Chinese regulators are providing greater support to smaller banks seeking to raise funds to improve their capital standing, as part of efforts to increase the supply of credit to the real economy.
Data from Wind indicates that as of 18 November Chinese banks have issued one trillion yuan in bonds since the start of 2021, including perpetual bonds, second-tier capital bonds and convertible bonds.
Small and medium-sized banks account for the majority of issues, according to a report from the Chinese central bank’s Financial News.
2021 has also seen an acceleration in the issuance of special bonds by Chinese local governments to shore up the capital standing of smaller regional banks, by administrative regions including Tianjin, Inner Mongolia, Shaanxi and Jiangxi.
Domestic analysts say that regulatory authorities in China are providing greater support to smaller banks to use a range of methods to bolster their capital, in order to better support the real economy in the wake of COVID-19.
Bank of Ningbo recently announced that it would issue 601 million new shares at the end of November to raise funds of up to 12 billion yuan, all for the purpose of raising core tier-1 capital to improve its risk-resistance capability.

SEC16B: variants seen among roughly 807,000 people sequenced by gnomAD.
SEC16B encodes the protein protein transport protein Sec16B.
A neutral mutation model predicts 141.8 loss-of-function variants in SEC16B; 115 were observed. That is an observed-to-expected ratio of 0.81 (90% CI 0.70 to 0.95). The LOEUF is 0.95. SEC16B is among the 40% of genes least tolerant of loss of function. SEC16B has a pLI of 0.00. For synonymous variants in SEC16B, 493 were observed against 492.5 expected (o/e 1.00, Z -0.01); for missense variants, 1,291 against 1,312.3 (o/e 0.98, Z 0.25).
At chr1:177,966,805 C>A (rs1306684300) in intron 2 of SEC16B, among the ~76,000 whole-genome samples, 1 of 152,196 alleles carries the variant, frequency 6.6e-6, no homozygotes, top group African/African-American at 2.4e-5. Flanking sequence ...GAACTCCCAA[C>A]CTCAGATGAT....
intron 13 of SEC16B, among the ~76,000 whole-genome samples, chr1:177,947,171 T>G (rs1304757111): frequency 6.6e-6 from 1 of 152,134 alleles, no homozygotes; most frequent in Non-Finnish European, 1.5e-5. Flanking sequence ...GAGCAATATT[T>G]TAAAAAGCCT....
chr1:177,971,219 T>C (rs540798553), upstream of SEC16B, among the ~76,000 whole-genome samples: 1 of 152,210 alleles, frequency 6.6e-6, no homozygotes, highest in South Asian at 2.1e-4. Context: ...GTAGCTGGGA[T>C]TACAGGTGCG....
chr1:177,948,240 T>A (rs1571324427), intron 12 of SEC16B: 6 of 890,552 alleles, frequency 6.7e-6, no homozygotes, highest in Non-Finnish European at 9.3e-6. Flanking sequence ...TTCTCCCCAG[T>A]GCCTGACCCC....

Bank of Wuxi has also recently announced that it plans to raise 2 billion yuan via a private placement of up to 320.5 million A shares, to raise funds to supplement tier-1 capital.
In addition to bond and share issues, regional lenders in China such as Bank of Jiangxi and Jiangxi Jinjiang Bank are also exploring the use of conversion agreement deposits (转股协议存款) to boost tier-one capital.
As of the end of the third quarter the capital adequacy ratio of China’s commercial banks stood at 14.80%, for an increase of 0.32 percentage points compared to the end of the second quarter.
Chinese regulators are expected to launch further measures to support capital supplementation by smaller-scale commercial banks.
“The next step is to accelerate the establishment of long-term effective mechanisms for capital supplementation by small and medium-sized banks,” said Dong Ximiao (董希淼), chief researcher with MUCFC.
“In addition to the issuance of perpetual bonds and local government special bonds to supplement capital, they could also continue to explore the use of convertible tier-2 capital bonds, and further strengthening the flexibility and diversity of capital supplementation tools, to reduce capital supplementation costs.”